Everyone does it. Downloads a great image from the internet, pastes it on their own blog, shares it on FaceBook, Tumblr or Pinterest, and moves on, forgetting, ignoring, or simply not knowing they are using someone’s property without permission. It’s like borrowing someone’s car without permission and not refilling the gas tank.
My mother said it best. “Just because everyone else is doing it, doesn’t make it right.”
Sorry to say, but your chances of getting caught are increasing. You’ll open your email one morning to find a nasty lawyer letter demanding a multi-thousand dollar payment.
New “reverse image search engines” are expanding their reach. Everyone from casual photographers to international stock image vendors are signing up with TinEye and others to scan the internet for infringing users. TinEye claims to have indexed over 4 Billion images.
Even Google Images performs reverse image searches.
But it’s fair use, you argue. You are using the image for non-commercial, educational, critical, or commentary uses only. Maybe yes, but do you want to fight that fight with Getty Images or Reuters News or Rupert Murdoch?
Take an hour to clean up your blog. Here’s how.
If the list includes one or more stock image sites such as Dreamstime, Getty Images or IStockphoto, then sooner or later, you are going to get that nasty lawyer letter. These companies search the internet for infringing users. They hire teams like the Copyright Enforcement Group.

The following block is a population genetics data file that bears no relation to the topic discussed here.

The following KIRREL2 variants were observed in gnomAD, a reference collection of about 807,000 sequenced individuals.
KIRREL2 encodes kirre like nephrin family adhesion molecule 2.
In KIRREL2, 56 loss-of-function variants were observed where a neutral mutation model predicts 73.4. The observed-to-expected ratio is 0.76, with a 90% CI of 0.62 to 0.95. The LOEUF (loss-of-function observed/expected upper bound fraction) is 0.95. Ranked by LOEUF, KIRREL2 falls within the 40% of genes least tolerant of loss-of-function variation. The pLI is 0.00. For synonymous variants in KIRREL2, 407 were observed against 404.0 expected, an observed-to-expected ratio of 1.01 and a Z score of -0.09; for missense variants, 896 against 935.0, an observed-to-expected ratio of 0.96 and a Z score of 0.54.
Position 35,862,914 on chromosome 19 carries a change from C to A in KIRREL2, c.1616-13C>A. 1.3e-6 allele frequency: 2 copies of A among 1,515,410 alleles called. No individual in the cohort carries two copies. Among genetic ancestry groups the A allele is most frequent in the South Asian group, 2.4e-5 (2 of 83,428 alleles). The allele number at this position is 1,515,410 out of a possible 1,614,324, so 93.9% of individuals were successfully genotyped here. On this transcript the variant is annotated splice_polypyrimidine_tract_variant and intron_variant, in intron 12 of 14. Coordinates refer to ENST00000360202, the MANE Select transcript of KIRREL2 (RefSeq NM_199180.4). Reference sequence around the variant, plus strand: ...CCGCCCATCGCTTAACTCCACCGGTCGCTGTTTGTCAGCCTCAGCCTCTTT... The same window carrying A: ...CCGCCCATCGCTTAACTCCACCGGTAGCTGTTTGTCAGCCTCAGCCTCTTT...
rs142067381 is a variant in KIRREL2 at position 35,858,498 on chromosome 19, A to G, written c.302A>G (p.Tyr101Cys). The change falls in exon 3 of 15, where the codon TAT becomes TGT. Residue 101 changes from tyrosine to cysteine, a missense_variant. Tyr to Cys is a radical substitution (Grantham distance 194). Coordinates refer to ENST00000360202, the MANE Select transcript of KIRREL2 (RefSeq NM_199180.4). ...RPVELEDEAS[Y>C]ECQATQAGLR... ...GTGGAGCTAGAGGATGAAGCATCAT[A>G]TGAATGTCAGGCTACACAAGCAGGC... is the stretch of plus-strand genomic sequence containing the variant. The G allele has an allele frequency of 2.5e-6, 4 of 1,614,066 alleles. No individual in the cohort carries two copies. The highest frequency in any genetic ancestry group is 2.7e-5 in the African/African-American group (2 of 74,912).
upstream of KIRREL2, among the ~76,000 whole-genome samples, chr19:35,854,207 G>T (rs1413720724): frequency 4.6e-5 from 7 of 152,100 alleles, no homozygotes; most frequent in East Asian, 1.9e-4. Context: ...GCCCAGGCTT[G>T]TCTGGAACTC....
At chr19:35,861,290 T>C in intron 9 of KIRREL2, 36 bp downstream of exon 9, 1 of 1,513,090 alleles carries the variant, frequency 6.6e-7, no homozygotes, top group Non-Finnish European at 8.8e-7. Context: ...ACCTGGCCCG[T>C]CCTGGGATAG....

I suggest you delete the unauthorized image and replace it with a licensed image ASAP. (See my post Stock Images – A Little Money Goes a Long Way.) You do not have to buy a large or high-resolution image. The smallest and lowest resolution image works for most web uses. Keep your receipt. You might get a demand letter based on your prior use (after all, nothing completely disappears from the internet), but it will help if you have corrected your mistake.
If you find the image only on news or other websites, look for a copyright notice on or near the image. Search on-line for the copyright owner and ask permission to use the image. If you can’t find a copyright notice, contact the largest and most prestigious website using the image. That site is most likely to have obtained permission.
If you cannot determine who owns the image, or if you cannot get permission, or if you do not want to pay for the license, or if all this is too much bother, then delete the image and replace it with something in the public domain or a free image under a Creative Commons License. See my blogs about the public domain and the Creative Commons.
For fun, try a Google Reverse image search of your author head shot. The results may surprise you. When I ran mine, Google including a photo of Julia Roberts as a “visually similar image.” Sure. Why not.